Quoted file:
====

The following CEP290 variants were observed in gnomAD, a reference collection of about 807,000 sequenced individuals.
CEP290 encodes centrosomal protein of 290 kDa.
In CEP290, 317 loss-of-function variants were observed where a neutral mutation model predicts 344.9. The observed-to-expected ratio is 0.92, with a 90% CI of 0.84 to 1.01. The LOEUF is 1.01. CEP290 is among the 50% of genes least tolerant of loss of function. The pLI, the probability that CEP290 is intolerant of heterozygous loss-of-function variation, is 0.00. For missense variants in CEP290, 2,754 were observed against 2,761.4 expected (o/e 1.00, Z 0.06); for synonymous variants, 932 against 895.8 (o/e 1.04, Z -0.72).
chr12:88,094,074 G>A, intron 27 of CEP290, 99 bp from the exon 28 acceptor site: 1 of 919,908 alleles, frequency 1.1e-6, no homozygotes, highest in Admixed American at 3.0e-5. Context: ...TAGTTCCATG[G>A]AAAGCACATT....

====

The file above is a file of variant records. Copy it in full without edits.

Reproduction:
The following CEP290 variants were observed in gnomAD, a reference collection of about 807,000 sequenced individuals.
CEP290 encodes centrosomal protein of 290 kDa.
In CEP290, 317 loss-of-function variants were observed where a neutral mutation model predicts 344.9. The observed-to-expected ratio is 0.92, with a 90% CI of 0.84 to 1.01. The LOEUF is 1.01. CEP290 is among the 50% of genes least tolerant of loss of function. The pLI, the probability that CEP290 is intolerant of heterozygous loss-of-function variation, is 0.00. For missense variants in CEP290, 2,754 were observed against 2,761.4 expected (o/e 1.00, Z 0.06); for synonymous variants, 932 against 895.8 (o/e 1.04, Z -0.72).
chr12:88,094,074 G>A, intron 27 of CEP290, 99 bp from the exon 28 acceptor site: 1 of 919,908 alleles, frequency 1.1e-6, no homozygotes, highest in Admixed American at 3.0e-5. Context: ...TAGTTCCATG[G>A]AAAGCACATT....